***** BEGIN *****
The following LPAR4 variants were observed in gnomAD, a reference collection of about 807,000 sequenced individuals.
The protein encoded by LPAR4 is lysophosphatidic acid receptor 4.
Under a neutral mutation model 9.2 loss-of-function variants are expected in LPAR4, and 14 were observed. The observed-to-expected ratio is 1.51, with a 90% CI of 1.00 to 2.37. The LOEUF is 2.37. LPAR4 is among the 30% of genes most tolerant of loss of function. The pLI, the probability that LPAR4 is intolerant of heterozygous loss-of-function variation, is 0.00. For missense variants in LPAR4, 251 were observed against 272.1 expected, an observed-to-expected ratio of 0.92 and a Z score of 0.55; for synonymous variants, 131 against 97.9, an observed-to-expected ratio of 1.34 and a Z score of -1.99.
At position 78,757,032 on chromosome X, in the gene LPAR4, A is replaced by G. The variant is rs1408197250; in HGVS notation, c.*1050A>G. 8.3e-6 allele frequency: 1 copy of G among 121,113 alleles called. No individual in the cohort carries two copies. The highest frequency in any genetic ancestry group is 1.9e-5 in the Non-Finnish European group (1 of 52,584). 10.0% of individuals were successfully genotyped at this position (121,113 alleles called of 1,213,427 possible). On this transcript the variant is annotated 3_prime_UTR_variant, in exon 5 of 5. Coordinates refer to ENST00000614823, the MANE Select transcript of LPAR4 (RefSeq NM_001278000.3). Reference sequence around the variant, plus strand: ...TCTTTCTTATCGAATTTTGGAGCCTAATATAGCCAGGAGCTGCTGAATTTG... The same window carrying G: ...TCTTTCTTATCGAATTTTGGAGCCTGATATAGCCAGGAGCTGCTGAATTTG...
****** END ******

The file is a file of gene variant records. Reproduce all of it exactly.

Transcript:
The following LPAR4 variants were observed in gnomAD, a reference collection of about 807,000 sequenced individuals.
The protein encoded by LPAR4 is lysophosphatidic acid receptor 4.
Under a neutral mutation model 9.2 loss-of-function variants are expected in LPAR4, and 14 were observed. The observed-to-expected ratio is 1.51, with a 90% CI of 1.00 to 2.37. The LOEUF is 2.37. LPAR4 is among the 30% of genes most tolerant of loss of function. The pLI, the probability that LPAR4 is intolerant of heterozygous loss-of-function variation, is 0.00. For missense variants in LPAR4, 251 were observed against 272.1 expected, an observed-to-expected ratio of 0.92 and a Z score of 0.55; for synonymous variants, 131 against 97.9, an observed-to-expected ratio of 1.34 and a Z score of -1.99.
At position 78,757,032 on chromosome X, in the gene LPAR4, A is replaced by G. The variant is rs1408197250; in HGVS notation, c.*1050A>G. 8.3e-6 allele frequency: 1 copy of G among 121,113 alleles called. No individual in the cohort carries two copies. The highest frequency in any genetic ancestry group is 1.9e-5 in the Non-Finnish European group (1 of 52,584). 10.0% of individuals were successfully genotyped at this position (121,113 alleles called of 1,213,427 possible). On this transcript the variant is annotated 3_prime_UTR_variant, in exon 5 of 5. Coordinates refer to ENST00000614823, the MANE Select transcript of LPAR4 (RefSeq NM_001278000.3). Reference sequence around the variant, plus strand: ...TCTTTCTTATCGAATTTTGGAGCCTAATATAGCCAGGAGCTGCTGAATTTG... The same window carrying G: ...TCTTTCTTATCGAATTTTGGAGCCTGATATAGCCAGGAGCTGCTGAATTTG...